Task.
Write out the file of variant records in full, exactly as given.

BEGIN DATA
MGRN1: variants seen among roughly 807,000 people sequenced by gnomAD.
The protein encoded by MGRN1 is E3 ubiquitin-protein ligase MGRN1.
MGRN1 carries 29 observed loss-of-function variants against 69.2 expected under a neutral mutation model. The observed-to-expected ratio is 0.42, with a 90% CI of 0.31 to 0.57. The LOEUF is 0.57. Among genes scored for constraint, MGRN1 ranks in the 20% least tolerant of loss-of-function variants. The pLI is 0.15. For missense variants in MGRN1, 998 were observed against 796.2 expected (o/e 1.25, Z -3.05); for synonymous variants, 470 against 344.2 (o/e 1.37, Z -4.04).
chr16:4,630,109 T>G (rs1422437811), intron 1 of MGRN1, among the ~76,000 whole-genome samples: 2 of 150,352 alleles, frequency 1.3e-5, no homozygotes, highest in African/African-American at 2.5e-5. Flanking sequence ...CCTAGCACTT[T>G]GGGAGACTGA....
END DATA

MGRN1: variants seen among roughly 807,000 people sequenced by gnomAD.
The protein encoded by MGRN1 is E3 ubiquitin-protein ligase MGRN1.
MGRN1 carries 29 observed loss-of-function variants against 69.2 expected under a neutral mutation model. The observed-to-expected ratio is 0.42, with a 90% CI of 0.31 to 0.57. The LOEUF is 0.57. Among genes scored for constraint, MGRN1 ranks in the 20% least tolerant of loss-of-function variants. The pLI is 0.15. For missense variants in MGRN1, 998 were observed against 796.2 expected (o/e 1.25, Z -3.05); for synonymous variants, 470 against 344.2 (o/e 1.37, Z -4.04).
chr16:4,630,109 T>G (rs1422437811), intron 1 of MGRN1, among the ~76,000 whole-genome samples: 2 of 150,352 alleles, frequency 1.3e-5, no homozygotes, highest in African/African-American at 2.5e-5. Flanking sequence ...CCTAGCACTT[T>G]GGGAGACTGA....